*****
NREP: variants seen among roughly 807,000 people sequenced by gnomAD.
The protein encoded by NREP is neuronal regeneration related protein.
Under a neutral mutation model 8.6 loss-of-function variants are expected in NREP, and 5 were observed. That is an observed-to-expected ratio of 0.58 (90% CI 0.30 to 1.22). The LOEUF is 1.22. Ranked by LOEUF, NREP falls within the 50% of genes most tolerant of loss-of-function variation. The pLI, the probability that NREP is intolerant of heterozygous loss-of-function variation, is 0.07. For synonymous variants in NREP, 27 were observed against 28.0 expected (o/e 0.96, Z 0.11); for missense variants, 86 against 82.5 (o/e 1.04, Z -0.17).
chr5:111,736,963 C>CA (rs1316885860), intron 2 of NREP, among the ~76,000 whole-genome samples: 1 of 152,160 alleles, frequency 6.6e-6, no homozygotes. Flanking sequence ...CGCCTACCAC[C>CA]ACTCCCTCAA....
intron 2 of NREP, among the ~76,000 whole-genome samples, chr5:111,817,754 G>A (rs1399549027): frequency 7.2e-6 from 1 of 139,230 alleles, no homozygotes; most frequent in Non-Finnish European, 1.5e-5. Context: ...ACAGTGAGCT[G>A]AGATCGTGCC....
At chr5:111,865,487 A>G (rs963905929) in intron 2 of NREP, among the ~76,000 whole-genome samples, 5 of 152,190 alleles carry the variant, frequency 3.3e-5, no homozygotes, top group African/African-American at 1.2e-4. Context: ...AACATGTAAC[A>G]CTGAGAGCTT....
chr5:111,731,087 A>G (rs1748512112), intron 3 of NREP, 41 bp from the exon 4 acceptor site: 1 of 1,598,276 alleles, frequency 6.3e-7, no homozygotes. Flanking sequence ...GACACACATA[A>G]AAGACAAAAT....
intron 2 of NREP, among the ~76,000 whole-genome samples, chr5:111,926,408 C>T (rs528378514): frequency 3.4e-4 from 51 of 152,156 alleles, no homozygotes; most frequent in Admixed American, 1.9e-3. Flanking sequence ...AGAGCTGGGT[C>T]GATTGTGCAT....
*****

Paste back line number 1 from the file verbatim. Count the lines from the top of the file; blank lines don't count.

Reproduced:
NREP: variants seen among roughly 807,000 people sequenced by gnomAD.